March 29-31, 8:00 p.m.,
March 31, April 1 2:00 p.m., 8:00 p.m.
Winthrop House Library
Directed by Rachel V. Byrd ’13
Produced by Aly G. Martinez ’13
If you visit the Winthrop House Library one evening this weekend, don’t expect to get much studying done. Instead, prepare for what promises to be a night of captivating drama as the Harvard Radcliffe Dramatic Society presents David Mamet’s “Oleanna.”
The 1992 play, originally staged here in Cambridge in conjunction with the American Repertory Theater, follows the interactions of John (Ronald N. Lacey), who teaches at a prestigious university, and Carol (Anna A. Hagen ’15), one of his students. Carol comes to her professor one day seeking to talk about the difficulties she has been experiencing in his class. However, tensions flare in their ensuing conversations, turning what may have been a constructive exchange of knowledge into a high-stakes intellectual war. In order to authentically portray the age differential between the teacher and the student in this production, director Rachel V. Byrd ’13 opted to cast Ronald Lacey—who works at the Cabot Library and who himself has taught college classes in South Carolina—as John.
“We did the usual Common Casting, but I also put a posting on Stagesource.org for an older professor, and that’s how we got in touch with Ron,” says Byrd.
The entire play takes place inside of John’s office, and the only characters seen or heard throughout the play are John and Carol, which can make it a demanding play to perform as the entirety of show’s impact is down to the two acters and their on-stage chemistry. Also contributing to the challenge is Mamet’s characteristically idiosyncratic dialogue. Rather than perfectly articulating all of their thoughts, the characters repeat themselves, interrupt one another, and trail off in mid-sentence. The team of “Oleanna” appreciates the artistry of the characters’ unique manner of speech.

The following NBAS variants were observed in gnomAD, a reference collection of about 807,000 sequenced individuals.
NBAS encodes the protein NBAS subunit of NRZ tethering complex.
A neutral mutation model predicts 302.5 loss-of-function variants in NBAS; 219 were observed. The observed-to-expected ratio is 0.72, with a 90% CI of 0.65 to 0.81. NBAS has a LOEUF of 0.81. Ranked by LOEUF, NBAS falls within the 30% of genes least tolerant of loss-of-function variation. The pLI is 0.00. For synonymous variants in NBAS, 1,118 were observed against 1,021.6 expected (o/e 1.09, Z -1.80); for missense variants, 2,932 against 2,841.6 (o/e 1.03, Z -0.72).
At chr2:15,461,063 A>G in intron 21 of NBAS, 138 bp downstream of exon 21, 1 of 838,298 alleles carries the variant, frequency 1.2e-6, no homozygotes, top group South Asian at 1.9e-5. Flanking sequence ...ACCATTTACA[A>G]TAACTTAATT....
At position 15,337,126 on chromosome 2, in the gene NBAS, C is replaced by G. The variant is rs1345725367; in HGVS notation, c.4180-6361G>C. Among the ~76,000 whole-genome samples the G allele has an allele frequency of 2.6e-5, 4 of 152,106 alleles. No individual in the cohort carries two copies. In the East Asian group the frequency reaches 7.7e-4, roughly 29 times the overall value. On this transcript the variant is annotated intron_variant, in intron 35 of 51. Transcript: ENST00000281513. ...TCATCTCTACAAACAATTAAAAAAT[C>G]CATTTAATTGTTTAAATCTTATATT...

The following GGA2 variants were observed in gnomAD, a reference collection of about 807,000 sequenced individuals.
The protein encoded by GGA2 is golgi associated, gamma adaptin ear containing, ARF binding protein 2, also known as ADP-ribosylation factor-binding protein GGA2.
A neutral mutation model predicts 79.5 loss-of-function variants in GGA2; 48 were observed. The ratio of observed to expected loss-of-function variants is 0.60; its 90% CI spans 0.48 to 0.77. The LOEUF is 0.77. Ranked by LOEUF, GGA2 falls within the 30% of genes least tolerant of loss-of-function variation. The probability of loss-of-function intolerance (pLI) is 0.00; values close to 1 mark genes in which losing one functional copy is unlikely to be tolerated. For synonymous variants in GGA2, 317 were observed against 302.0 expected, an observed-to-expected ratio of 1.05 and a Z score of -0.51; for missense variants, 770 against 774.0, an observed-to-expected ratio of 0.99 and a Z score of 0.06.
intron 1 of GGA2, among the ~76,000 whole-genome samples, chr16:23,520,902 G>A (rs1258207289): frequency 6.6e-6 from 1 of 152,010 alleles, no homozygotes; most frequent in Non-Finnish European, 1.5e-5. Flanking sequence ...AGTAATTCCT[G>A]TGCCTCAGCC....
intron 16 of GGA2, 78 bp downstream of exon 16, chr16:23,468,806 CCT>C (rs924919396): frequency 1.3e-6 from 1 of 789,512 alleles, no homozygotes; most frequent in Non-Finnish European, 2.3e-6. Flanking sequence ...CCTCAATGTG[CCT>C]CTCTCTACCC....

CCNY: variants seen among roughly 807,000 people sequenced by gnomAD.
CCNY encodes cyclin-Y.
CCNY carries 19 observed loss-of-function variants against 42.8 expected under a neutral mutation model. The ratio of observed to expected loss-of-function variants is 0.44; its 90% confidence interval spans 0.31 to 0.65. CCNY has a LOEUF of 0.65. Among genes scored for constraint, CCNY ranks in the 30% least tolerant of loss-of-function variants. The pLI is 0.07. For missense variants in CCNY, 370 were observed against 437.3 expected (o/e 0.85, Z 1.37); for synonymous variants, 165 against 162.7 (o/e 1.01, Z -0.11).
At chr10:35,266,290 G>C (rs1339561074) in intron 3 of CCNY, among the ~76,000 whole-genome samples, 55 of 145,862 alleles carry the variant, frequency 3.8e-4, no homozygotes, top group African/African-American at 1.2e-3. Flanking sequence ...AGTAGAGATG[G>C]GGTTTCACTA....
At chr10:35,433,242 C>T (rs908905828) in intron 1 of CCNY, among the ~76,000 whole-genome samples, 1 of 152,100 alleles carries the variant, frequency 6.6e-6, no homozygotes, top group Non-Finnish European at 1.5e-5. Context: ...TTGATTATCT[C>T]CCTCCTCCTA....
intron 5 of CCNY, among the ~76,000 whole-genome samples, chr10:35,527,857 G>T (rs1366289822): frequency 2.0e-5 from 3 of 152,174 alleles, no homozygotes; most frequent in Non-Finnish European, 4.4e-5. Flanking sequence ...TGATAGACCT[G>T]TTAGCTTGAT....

“Mamet tries to imprint the language of everyday conversation, which is not a finished language or a polished language, and find the poetry in it,” says Hagen. The nature of the unconventional performance space prevents the staff from relying heavily on technical elements or effects during the production, and the cast intends to use to its advantage. “What’s nice [about] staging a play this way is that it really lets the audience focus on the actors and the text and the communication,” Lacey commented.
According to Byrd, Mamet’s play deals with themes that merit some examination beyond the pages of the script. “That’s one of the reasons we’re having talkbacks after the show,” she says. Byrd hopes that audience members will join the cast and staff to discuss the issues raised by the struggle between John and Carol. “It’s meant to leave audiences in dialogue. It doesn’t tell you who is right or who is wrong.”
— C. E. Chiemeka Ezie